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Wednesday, June 17, 2015

The Internet is Getting Slower

I heard this headline on my 11pm local TV news last night and figured I better do some checking to see what was going on.  Well it seems that they were right.  As of yesterday, the FCC ruled in favor (a 3 - 2 vote along political lines) of Obama's "Net Neutrality" regulations which will put the Internet back into the dark ages.

It basically imposes three new rules:


  • no blocking content -- this means that any content including streaming audio & video are fair game for any provider or customer.
  • no slowing down -- an ISP may not slow down particular sites or type of content due to the load it places on their networks.
  • no paid fast lanes -- ISP's may not create special high speed paths for customers willing to pay more.  All bandwidth must be equal...   
The reaction from the major ISP's has been extremely negative, especially about providing high speed services for customers willing to pay for it...  The ISP's are placing major infrastructure and network upgrades on hold pending on how this regulation all settles out.  While on the surface it seems beneficial, this is akin to California's  energy crisis of 2000 where the PUC forced providers who owned generation facilities to sell off their generation capabilities and buy power from a network of providers.  This instead of lowering prices created brownouts (from artificial shortages) and increase rates over 800%.

Here are four articles with much more detail on Net Neutrality:


Read these articles for yourself.  We need to do something about this ASAP probably with legislation that both parties can support and is veto proof until Obama leaves office.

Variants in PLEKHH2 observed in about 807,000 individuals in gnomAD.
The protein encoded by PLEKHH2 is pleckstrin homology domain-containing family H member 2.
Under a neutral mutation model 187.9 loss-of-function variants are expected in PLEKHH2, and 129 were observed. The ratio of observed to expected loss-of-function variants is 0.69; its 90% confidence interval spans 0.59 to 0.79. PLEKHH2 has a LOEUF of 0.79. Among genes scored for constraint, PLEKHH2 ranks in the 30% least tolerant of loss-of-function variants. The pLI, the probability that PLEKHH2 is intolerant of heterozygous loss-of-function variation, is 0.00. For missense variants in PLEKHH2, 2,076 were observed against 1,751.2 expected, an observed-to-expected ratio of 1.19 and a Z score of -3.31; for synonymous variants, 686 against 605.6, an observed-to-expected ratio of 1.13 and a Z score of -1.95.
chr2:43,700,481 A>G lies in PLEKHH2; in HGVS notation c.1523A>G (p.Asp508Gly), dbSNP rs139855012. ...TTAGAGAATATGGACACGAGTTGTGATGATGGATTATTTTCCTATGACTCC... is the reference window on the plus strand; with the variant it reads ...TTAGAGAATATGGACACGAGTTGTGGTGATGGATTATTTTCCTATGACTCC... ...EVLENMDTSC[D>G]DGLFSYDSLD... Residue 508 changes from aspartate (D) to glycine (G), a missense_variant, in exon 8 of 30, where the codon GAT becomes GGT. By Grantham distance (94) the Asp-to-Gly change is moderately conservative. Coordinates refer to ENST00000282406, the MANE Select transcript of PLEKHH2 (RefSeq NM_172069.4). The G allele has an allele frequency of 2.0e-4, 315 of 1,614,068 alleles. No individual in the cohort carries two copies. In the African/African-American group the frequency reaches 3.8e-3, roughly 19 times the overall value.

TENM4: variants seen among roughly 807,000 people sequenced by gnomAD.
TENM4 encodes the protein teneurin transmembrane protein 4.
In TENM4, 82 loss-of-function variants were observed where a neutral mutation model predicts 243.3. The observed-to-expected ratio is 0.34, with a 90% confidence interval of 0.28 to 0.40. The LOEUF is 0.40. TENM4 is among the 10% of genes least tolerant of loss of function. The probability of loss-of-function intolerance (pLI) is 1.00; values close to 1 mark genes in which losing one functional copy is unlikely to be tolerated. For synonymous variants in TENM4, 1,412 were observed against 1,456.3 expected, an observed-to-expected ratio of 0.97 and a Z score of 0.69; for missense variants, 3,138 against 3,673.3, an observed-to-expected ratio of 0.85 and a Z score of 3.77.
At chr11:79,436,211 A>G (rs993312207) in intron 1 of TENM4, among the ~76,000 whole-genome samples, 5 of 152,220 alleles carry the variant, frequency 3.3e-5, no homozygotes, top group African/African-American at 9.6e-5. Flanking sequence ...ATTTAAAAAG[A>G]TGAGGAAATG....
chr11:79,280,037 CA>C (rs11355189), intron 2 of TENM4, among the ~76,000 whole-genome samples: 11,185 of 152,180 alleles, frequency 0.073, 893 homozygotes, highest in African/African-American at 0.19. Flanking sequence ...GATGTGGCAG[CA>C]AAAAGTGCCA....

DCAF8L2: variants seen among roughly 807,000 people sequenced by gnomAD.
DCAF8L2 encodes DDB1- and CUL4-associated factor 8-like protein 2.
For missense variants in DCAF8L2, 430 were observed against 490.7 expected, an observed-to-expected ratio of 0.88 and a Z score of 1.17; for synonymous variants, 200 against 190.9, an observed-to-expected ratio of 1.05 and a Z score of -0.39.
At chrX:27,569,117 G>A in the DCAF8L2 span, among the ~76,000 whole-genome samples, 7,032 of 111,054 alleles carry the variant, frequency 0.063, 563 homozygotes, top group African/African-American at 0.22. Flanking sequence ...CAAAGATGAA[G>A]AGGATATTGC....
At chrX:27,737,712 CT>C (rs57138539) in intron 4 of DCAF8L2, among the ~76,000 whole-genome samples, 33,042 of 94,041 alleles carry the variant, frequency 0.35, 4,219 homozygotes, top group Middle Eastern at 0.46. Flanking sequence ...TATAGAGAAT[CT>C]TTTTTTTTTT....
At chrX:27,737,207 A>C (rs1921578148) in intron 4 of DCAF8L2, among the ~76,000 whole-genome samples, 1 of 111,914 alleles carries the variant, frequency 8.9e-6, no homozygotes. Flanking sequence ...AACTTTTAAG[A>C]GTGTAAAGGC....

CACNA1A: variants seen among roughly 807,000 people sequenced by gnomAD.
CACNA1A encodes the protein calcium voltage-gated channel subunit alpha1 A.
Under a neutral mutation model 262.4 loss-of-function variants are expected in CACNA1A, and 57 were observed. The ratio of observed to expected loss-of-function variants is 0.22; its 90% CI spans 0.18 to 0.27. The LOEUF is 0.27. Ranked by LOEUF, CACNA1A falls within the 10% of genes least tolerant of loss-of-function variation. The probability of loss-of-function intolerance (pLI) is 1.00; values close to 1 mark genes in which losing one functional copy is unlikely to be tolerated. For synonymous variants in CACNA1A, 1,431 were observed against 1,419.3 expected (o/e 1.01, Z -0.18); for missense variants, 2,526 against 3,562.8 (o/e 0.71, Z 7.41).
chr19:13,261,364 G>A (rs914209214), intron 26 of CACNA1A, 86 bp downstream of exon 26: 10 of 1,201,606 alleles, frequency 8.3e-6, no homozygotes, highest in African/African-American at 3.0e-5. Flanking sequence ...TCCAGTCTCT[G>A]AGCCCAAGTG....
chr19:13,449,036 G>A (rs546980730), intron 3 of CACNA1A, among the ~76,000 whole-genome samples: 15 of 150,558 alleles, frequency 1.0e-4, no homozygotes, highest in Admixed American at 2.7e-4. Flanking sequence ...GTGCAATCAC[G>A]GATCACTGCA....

Wednesday, June 10, 2015

Cloud as it Should Be

Yesterday I wrote a short blog about private cloud and IaaS which is where many vendors and IT executives are trying to divert their companies in terms of cloud initiatives.  This maintains IT staff jobs and vendors are able to sell hardware and middleware to the clients.

My view of cloud is complete and total outsourcing of hardware and the middleware or technical software required to support applications development such as operating systems, database management systems, messaging systems, etc.

To me the ideal cloud vendor provides a complete environment where the client need only install (or have someone) install their business applications and use them.  This means that the client need only provide a simple Internet connection for their employees to the cloud provider.

The cloud provider needs to provide and maintain all computing equipment, networking facilities, and software required to run and operate the facility.  They should also provide real time replication to at least one other site that meets disaster recovery requirements such as being geographically separated from points of risk (i.e. the same earthquake, tornado, hurricane, etc.).

The cloud provider should provide security services running sophisticated security monitoring services with a staff of experts to insure that the clients are fully protected.  Ideally they would provide ethical hackers to check the integrity of the client's applications and identify all security risks and assist in mitigation.

The cloud provider should be highly scalable to accommodate seasonal peak period processing on a excess capacity fee schedule that reverts to normal pricing after the peak period subsides.

The net benefit to large organizations is savings of millions of dollars in hardware, software, and the human resource cost of those people who do nothing but support your hardware, infrastructure, or software that runs your computers (operating systems and middleware).

It is not unusual to see a large company with over 100 people doing nothing but supporting computer hardware and providing no direct benefit to the organization.

Most organizations have disaster recovery facilities including equipment that is never used that sits and waits for a disaster.  Disaster Recovery is often treated like an insurance policy costing the organization millions of dollars per year.  This can be eliminated with cloud.